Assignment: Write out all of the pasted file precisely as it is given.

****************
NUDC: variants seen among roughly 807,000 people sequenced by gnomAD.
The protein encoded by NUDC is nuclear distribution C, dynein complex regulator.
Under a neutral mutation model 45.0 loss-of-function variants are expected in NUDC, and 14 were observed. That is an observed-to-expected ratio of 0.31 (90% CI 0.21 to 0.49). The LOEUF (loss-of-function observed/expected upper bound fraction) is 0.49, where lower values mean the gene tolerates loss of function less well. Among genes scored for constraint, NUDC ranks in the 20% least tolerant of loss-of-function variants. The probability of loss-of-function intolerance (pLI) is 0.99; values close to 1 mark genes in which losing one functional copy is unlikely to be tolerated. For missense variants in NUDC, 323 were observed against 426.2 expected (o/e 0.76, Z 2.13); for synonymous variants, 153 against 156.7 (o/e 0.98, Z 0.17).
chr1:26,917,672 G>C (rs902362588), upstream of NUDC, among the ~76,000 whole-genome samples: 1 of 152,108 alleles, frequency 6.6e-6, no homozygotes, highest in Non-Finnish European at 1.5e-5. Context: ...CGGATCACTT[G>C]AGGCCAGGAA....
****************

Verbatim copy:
NUDC: variants seen among roughly 807,000 people sequenced by gnomAD.
The protein encoded by NUDC is nuclear distribution C, dynein complex regulator.
Under a neutral mutation model 45.0 loss-of-function variants are expected in NUDC, and 14 were observed. That is an observed-to-expected ratio of 0.31 (90% CI 0.21 to 0.49). The LOEUF (loss-of-function observed/expected upper bound fraction) is 0.49, where lower values mean the gene tolerates loss of function less well. Among genes scored for constraint, NUDC ranks in the 20% least tolerant of loss-of-function variants. The probability of loss-of-function intolerance (pLI) is 0.99; values close to 1 mark genes in which losing one functional copy is unlikely to be tolerated. For missense variants in NUDC, 323 were observed against 426.2 expected (o/e 0.76, Z 2.13); for synonymous variants, 153 against 156.7 (o/e 0.98, Z 0.17).
chr1:26,917,672 G>C (rs902362588), upstream of NUDC, among the ~76,000 whole-genome samples: 1 of 152,108 alleles, frequency 6.6e-6, no homozygotes, highest in Non-Finnish European at 1.5e-5. Context: ...CGGATCACTT[G>C]AGGCCAGGAA....